The Zoning and Planning boards discussed the Planning Department’s parking presentation in October. These were areas of agreement coming out of that session: 

  • Current regulations should be enforced before any new regulations are put in place; 
  • A new parking study is needed as soon as possible;
  • A valet ordinance is needed as soon as possible.

Valet has been one way restaurants have been able to open on Main Street, since many of them do not have their own parking lots. Instead, starting about 10 years ago, the town has allowed restaurants to use valet services to park cars off-site. However, sometimes “off-site” for a valet driver in a hurry can be Main Street, among other issues that have come up in recent years.

“If we’re going to do it correctly, it’s going to be a very comprehensive, involved study,” said Town Manager Andrew Nota. “I think it would come back with solid deliverables,” including improving sidewalks and figuring out how to slow down drivers. Nota said the study would involve public work sessions and would aim to engage residents and business owners in the process.

But that will take time, he said. First the Town Council must approve a request for proposal (RFP), then vote on a company to conduct the study. The study itself would take place over the summer and include evenings, to get the full sense of the need, with results sometime next fall. Realistically, Nota said, the council wouldn’t be acting on the findings until next year around this time.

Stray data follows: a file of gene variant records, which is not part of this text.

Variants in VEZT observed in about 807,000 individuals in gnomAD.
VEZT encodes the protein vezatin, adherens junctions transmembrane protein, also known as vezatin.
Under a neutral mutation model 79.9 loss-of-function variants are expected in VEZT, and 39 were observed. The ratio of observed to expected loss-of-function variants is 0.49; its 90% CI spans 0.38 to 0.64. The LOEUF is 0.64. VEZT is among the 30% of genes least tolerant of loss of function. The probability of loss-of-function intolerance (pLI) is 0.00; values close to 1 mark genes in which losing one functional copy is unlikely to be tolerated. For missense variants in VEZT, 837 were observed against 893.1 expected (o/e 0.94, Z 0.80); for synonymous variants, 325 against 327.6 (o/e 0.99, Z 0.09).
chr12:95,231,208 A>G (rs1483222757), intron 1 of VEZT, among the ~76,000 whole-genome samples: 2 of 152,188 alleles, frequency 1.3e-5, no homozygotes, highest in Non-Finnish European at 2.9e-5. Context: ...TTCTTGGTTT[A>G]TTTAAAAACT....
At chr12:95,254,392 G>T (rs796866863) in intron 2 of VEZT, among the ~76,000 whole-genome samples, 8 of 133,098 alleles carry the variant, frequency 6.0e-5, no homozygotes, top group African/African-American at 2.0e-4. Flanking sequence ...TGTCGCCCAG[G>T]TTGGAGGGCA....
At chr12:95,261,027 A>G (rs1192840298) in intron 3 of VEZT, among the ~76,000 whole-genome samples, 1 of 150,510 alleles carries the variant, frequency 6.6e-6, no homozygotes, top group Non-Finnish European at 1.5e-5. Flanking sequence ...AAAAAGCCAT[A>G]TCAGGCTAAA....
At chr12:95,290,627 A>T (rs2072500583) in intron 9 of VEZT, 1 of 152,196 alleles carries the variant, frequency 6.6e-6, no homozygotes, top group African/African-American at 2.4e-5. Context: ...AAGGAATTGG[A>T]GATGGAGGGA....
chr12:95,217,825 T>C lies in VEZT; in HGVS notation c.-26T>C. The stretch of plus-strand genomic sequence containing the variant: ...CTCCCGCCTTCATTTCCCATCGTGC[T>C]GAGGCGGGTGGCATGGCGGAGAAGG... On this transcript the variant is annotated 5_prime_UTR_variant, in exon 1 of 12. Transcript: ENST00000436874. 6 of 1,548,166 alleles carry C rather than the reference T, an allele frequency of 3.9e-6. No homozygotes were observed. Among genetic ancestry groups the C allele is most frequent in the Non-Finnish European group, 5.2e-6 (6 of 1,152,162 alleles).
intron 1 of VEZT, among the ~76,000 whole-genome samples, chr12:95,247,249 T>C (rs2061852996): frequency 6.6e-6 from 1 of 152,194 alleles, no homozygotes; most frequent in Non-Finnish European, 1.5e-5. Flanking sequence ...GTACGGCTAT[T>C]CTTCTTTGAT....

Because of that timeline, the Town Council is planning to act sooner on a few pressing parking-related issues:

  • Short-term commercial parking
  • Additional overnight resident parking
  • Non-required valet parking (on street valet parking) – businesses that use it because they want to not because their license requires it.

Bourbonnais acknowledged that finding solutions to the parking issue would be challenging but praised the council’s commitment. “It’s a tough needle to thread,” she said, “ but I think you have given it a level of effort we haven’t seen.”

Check out the Planning Department’s study here: 2020 Downtown Parking Overview.